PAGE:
Taboos weigh down twins as bad luck babies

Monday November 21 2016

A mother and her beautiful twins. In some

A mother and her beautiful twins. In some societies and their traditions, twins are regarded as a sign of misfortune. PHOTO|FILE 

By Syriacus Buguzi and Kamala Lutatinisibwa

In biological science, twin children are known to be two offspring produced by the same pregnancy, however, for a section of the people in Bukoba, Kagera region, the meaning of twins goes far beyond the biological marvel.

Deeply entrenched norms among the residents of the district of Bukoba has compelled Mr Sebastian Rwebangira, 52, to believe that twin children can be a source of bad omen, certain illnesses in society and all sorts of catastrophes.

But, the story of the taboos associated with twins, as told by Mr Rwebangira, is not limited to people in Bukoba—elsewhere in the world, twins are not safe. They are subject to taboos that isolate and discriminate them, according to international media reports.

In a documentary aired on Channel 4, in the Unreported World Series (2014), a report of widespread misery amongst mothers and their twin children in Madagascar, captured the world attention.

[In the remote place], cyclone-battered south-east coast of Madagascar, where ancient taboos control every aspect of how people live their lives, among an ethnic group—the Antambahoaka—there is an extraordinary taboo: people believe that raising twins brings terrible misfortune, even death, says a report in the Huffington Post.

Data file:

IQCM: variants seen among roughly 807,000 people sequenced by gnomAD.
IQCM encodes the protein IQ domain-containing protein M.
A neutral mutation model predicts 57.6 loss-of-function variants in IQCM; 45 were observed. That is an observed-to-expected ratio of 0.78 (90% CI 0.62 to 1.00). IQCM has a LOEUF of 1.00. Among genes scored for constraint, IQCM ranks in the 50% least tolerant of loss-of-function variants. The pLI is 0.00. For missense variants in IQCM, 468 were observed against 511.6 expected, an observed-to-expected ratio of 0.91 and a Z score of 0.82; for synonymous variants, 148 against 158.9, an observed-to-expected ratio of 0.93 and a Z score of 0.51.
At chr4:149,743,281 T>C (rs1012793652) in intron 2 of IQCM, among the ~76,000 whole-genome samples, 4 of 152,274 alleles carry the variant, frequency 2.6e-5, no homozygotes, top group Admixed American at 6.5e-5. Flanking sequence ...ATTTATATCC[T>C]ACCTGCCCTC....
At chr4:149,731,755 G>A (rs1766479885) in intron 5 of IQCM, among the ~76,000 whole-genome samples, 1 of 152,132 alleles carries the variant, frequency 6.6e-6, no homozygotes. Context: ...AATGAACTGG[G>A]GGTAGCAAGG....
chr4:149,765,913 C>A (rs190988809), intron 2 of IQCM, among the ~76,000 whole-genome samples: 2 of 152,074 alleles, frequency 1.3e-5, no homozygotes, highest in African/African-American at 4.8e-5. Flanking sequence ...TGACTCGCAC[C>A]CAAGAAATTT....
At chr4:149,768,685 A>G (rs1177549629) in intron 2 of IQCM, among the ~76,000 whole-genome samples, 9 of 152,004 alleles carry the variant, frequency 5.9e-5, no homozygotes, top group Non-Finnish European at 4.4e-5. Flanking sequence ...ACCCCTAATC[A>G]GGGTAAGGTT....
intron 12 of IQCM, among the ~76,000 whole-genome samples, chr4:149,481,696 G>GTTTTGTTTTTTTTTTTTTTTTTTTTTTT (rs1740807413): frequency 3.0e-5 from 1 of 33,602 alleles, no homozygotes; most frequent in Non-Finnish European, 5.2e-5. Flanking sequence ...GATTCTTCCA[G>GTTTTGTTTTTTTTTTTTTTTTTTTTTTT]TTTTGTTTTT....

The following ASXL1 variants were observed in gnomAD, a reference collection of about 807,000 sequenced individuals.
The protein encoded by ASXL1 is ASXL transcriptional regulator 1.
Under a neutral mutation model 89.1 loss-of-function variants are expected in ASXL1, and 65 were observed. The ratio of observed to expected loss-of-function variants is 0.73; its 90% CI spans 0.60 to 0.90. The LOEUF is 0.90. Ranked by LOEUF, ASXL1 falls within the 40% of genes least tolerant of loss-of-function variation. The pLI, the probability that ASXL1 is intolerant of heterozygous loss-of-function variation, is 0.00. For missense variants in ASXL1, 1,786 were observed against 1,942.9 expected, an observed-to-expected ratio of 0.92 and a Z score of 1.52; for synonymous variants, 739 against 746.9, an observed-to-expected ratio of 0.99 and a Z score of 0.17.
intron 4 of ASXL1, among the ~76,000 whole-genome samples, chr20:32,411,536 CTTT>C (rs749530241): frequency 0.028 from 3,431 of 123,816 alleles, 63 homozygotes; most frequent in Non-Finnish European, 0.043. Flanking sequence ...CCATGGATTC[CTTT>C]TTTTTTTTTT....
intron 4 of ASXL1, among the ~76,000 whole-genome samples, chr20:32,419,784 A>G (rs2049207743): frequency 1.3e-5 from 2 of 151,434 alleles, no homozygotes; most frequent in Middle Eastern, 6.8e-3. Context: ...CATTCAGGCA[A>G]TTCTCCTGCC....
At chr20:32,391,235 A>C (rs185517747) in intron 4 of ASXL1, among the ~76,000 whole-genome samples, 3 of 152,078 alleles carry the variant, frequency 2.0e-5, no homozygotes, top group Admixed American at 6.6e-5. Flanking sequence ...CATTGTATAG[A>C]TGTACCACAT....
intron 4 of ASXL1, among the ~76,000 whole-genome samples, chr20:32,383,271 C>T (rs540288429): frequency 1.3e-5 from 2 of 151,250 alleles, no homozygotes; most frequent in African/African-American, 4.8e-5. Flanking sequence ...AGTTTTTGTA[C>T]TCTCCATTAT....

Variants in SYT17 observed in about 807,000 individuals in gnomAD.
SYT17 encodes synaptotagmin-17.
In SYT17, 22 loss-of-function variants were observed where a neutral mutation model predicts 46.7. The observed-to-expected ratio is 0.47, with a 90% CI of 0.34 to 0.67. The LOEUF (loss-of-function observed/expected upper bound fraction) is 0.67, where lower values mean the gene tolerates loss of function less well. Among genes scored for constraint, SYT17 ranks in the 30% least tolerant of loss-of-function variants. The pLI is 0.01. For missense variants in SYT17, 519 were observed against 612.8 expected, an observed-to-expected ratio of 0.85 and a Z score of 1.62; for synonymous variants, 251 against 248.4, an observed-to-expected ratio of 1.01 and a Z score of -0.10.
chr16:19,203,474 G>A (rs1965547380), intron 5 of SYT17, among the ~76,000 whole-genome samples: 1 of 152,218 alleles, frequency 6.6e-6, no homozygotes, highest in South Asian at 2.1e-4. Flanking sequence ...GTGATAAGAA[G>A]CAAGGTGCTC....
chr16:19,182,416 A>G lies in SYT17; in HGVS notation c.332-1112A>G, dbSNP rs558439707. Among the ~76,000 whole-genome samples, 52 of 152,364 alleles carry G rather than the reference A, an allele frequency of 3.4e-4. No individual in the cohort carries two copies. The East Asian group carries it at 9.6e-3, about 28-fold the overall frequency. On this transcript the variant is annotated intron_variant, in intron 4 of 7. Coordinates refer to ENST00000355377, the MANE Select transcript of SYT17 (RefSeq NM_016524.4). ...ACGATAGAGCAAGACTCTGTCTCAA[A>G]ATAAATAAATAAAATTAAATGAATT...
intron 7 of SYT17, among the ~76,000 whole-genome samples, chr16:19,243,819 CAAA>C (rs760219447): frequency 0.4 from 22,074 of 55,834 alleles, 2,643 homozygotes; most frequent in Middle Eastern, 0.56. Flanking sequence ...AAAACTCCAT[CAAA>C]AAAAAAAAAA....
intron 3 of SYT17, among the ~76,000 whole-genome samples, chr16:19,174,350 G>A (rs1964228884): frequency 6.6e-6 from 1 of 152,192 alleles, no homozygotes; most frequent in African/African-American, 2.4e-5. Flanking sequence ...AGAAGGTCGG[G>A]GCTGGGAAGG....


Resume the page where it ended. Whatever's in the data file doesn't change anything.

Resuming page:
Twins tortured in Kagera with society’s beliefs

Your Health learnt of the existence of the same taboo here in Tanzania, when some people in Kagera region began pondering on the mysteries that surrounded the September 10 earthquake.

Elders in Bukoba, a rural district predominantly inhabited by the Bahaya tribe, say that apart from disasters, there are some illnesses that are spiritually attributed to the existence of twins in neighbourhoods.

Mr Rwebangira, the peasant in Bukoba’s rural settings, resides in Kabale village where twin children are believed to be the cause of a skin condition known medically as Vitiligo.

A victim of vitiligo—a long-term medical condition characterised by whitish patches of the skin, is believed to have been “cursed by twins” living either in the family or elsewhere the neighbourhoods.

Among the Bahaya tribe in the region, a victim of vitiligo is described as ‘Eyayokiibw’eirongo,’ literally meaning: one who was burnt and forsaken by twin children from his/her kinsfolk, so says Mr Mulisa Twaha, a resident of Bukoba.

Yet, the phobia and worship attached to twin children in the region is deeply-rooted that some residents have gone far beyond to associate them with this year’s September 10 earthquake that killed 19 people and caused mass destruction of infrastructure.

Mr Rwebangira says the beliefs have to do with the traditions that existed several years ago but are embraced even today.

He says, “Until today we still believe that if twins are angry, then the gods are angry as well. What comes next are natural calamities that affect not only our crops but also humanity, just like the earthquake did.”

Love and hate relationship associated with twins

Among the Bahaya traditions, twins are received with mixed feelings—of fear and joy, when they are born. Like in neighbouring Uganda, twins (abarongo), are perceived as gift from God but that does not rule out fear, says a paper published more than six years ago by Elsevier, a global source of scientific information.

According to the paper, titled: ‘Twin phobia among the Haya of Northwestern Tanzania,’ the use of the term ‘abarongo’ by the Bahaya seems ambiguous. On the one hand, it denotes ‘twins’ in the ordinary sense of two children born at the same time by the same mother.